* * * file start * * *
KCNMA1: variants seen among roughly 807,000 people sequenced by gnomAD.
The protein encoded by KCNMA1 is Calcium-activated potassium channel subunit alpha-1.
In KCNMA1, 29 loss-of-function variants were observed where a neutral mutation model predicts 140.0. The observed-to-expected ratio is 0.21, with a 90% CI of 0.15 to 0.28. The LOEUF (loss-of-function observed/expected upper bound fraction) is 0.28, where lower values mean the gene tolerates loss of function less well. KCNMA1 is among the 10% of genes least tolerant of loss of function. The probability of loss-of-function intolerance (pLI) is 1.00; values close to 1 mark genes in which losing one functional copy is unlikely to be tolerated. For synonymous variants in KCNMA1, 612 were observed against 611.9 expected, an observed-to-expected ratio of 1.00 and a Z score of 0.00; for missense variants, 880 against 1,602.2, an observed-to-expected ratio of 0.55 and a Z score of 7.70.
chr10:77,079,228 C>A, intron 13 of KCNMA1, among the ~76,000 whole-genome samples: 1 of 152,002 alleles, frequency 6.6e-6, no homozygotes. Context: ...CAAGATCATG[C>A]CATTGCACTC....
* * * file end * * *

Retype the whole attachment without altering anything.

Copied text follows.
KCNMA1: variants seen among roughly 807,000 people sequenced by gnomAD.
The protein encoded by KCNMA1 is Calcium-activated potassium channel subunit alpha-1.
In KCNMA1, 29 loss-of-function variants were observed where a neutral mutation model predicts 140.0. The observed-to-expected ratio is 0.21, with a 90% CI of 0.15 to 0.28. The LOEUF (loss-of-function observed/expected upper bound fraction) is 0.28, where lower values mean the gene tolerates loss of function less well. KCNMA1 is among the 10% of genes least tolerant of loss of function. The probability of loss-of-function intolerance (pLI) is 1.00; values close to 1 mark genes in which losing one functional copy is unlikely to be tolerated. For synonymous variants in KCNMA1, 612 were observed against 611.9 expected, an observed-to-expected ratio of 1.00 and a Z score of 0.00; for missense variants, 880 against 1,602.2, an observed-to-expected ratio of 0.55 and a Z score of 7.70.
chr10:77,079,228 C>A, intron 13 of KCNMA1, among the ~76,000 whole-genome samples: 1 of 152,002 alleles, frequency 6.6e-6, no homozygotes. Context: ...CAAGATCATG[C>A]CATTGCACTC....